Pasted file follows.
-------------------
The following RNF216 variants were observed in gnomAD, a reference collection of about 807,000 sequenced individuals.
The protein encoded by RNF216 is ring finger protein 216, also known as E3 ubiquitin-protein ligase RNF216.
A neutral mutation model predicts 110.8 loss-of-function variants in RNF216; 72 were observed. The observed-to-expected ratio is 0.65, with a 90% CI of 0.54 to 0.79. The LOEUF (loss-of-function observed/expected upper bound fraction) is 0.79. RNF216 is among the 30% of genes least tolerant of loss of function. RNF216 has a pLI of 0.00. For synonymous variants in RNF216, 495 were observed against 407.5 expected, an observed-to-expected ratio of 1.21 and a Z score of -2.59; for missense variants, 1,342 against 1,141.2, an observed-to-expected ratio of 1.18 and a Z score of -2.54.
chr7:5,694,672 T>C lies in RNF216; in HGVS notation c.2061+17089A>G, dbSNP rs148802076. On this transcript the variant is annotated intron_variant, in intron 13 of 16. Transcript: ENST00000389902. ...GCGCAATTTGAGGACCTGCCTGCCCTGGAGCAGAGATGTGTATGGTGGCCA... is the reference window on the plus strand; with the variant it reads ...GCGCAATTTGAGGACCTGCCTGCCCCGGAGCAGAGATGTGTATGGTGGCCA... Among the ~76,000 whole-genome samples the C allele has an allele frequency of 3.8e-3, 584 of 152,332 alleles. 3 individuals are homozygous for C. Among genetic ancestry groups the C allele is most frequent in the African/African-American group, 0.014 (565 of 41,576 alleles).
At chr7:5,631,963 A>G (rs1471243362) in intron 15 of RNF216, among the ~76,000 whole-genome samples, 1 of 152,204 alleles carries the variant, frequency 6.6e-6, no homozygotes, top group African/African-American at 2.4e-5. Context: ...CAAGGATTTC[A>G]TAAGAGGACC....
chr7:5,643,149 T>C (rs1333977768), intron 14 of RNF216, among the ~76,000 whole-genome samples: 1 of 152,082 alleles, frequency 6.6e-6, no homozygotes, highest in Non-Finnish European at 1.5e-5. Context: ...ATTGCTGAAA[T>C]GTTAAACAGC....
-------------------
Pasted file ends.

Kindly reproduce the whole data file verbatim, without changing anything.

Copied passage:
The following RNF216 variants were observed in gnomAD, a reference collection of about 807,000 sequenced individuals.
The protein encoded by RNF216 is ring finger protein 216, also known as E3 ubiquitin-protein ligase RNF216.
A neutral mutation model predicts 110.8 loss-of-function variants in RNF216; 72 were observed. The observed-to-expected ratio is 0.65, with a 90% CI of 0.54 to 0.79. The LOEUF (loss-of-function observed/expected upper bound fraction) is 0.79. RNF216 is among the 30% of genes least tolerant of loss of function. RNF216 has a pLI of 0.00. For synonymous variants in RNF216, 495 were observed against 407.5 expected, an observed-to-expected ratio of 1.21 and a Z score of -2.59; for missense variants, 1,342 against 1,141.2, an observed-to-expected ratio of 1.18 and a Z score of -2.54.
chr7:5,694,672 T>C lies in RNF216; in HGVS notation c.2061+17089A>G, dbSNP rs148802076. On this transcript the variant is annotated intron_variant, in intron 13 of 16. Transcript: ENST00000389902. ...GCGCAATTTGAGGACCTGCCTGCCCTGGAGCAGAGATGTGTATGGTGGCCA... is the reference window on the plus strand; with the variant it reads ...GCGCAATTTGAGGACCTGCCTGCCCCGGAGCAGAGATGTGTATGGTGGCCA... Among the ~76,000 whole-genome samples the C allele has an allele frequency of 3.8e-3, 584 of 152,332 alleles. 3 individuals are homozygous for C. Among genetic ancestry groups the C allele is most frequent in the African/African-American group, 0.014 (565 of 41,576 alleles).
At chr7:5,631,963 A>G (rs1471243362) in intron 15 of RNF216, among the ~76,000 whole-genome samples, 1 of 152,204 alleles carries the variant, frequency 6.6e-6, no homozygotes, top group African/African-American at 2.4e-5. Context: ...CAAGGATTTC[A>G]TAAGAGGACC....
chr7:5,643,149 T>C (rs1333977768), intron 14 of RNF216, among the ~76,000 whole-genome samples: 1 of 152,082 alleles, frequency 6.6e-6, no homozygotes, highest in Non-Finnish European at 1.5e-5. Context: ...ATTGCTGAAA[T>C]GTTAAACAGC....